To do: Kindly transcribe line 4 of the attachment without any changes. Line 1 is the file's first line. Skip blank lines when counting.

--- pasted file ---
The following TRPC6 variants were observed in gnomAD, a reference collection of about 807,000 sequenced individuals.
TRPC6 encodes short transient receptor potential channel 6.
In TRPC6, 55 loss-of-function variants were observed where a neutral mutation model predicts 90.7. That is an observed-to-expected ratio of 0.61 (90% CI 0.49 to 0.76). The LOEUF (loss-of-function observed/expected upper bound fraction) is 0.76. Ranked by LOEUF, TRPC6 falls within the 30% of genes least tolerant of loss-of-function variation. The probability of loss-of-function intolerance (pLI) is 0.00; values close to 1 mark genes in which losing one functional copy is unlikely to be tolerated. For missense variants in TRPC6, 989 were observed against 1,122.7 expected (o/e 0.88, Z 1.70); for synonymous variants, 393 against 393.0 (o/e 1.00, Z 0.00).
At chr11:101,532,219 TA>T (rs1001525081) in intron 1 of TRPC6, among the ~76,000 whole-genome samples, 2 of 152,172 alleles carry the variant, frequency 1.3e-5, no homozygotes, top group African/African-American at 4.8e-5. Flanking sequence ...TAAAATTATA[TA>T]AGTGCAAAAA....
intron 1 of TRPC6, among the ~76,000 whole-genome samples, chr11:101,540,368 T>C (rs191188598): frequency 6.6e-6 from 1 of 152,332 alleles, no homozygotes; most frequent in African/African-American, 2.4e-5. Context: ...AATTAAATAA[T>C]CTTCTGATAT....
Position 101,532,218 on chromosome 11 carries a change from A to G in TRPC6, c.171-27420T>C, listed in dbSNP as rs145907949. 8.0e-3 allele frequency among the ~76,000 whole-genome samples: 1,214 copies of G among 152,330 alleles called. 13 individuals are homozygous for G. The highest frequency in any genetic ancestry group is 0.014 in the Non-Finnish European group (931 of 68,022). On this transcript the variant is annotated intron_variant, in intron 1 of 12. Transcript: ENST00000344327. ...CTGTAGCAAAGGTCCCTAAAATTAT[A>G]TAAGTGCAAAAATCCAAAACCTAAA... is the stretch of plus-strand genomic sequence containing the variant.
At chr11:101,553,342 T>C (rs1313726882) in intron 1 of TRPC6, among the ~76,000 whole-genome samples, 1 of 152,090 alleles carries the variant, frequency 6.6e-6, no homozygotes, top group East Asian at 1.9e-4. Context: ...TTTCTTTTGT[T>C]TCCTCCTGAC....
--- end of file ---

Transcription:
At chr11:101,532,219 TA>T (rs1001525081) in intron 1 of TRPC6, among the ~76,000 whole-genome samples, 2 of 152,172 alleles carry the variant, frequency 1.3e-5, no homozygotes, top group African/African-American at 4.8e-5. Flanking sequence ...TAAAATTATA[TA>T]AGTGCAAAAA....